As the EU discusses a new Heating and Cooling Strategy, to be published by the European Commission in this month, various industry lobbies representing the bioenergy, electricity, manufacturing and heating industry are fighting over where the EU should focus its subsidies.
While the bioenergy and other energy industry lobbies argue that replacing heating systems is a more cost-efficient option to cut emissions than insulation improvements, building manufacturers underline that focusing on energy efficiency that reduces the consumption of energy, e.g. insulation in buildings, would bring the ‘largest societal benefits and avoid lock-in effects’. Fern agrees with the latter.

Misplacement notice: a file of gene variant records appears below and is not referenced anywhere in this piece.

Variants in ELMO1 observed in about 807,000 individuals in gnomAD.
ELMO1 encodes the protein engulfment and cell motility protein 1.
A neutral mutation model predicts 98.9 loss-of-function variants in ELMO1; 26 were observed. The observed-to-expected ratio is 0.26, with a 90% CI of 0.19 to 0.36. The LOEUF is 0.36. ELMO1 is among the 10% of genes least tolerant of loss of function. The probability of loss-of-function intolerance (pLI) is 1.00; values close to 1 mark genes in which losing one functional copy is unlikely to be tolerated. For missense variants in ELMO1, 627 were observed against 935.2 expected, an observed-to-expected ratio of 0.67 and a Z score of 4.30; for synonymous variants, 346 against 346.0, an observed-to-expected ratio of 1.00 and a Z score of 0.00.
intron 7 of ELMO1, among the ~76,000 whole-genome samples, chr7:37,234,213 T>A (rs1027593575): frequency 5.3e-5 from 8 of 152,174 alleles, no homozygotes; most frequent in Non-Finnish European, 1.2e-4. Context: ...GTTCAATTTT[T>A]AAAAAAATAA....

Biomass makes up 84 per cent of all the renewable energy used in the heating and cooling sector, and this constitutes around 40 percent of all the renewable energy produced in the EU.
Replacing heating systems, even if more efficient, will maintain high levels of energy consumption (including of bioenergy) if buildings are not better insulated. For real CO2 savings and investments for the long term, Fern believes we should instead lower energy demand by insulating housing. This would not only reduce people’s energy bills, but also demand for biomass and other sources of energy, which is currently increasing sharply.
Fern underlines the importance of recognising the wider, long-term environmental and climate impacts of the different options, as well as cost-efficiency in the long term.
All energy forms have an impact on the climate, not least energy from biomass, which emits CO₂ at comparable levels to fossil fuels. A reduction in energy use should therefore be the main focus of the EU and Member States.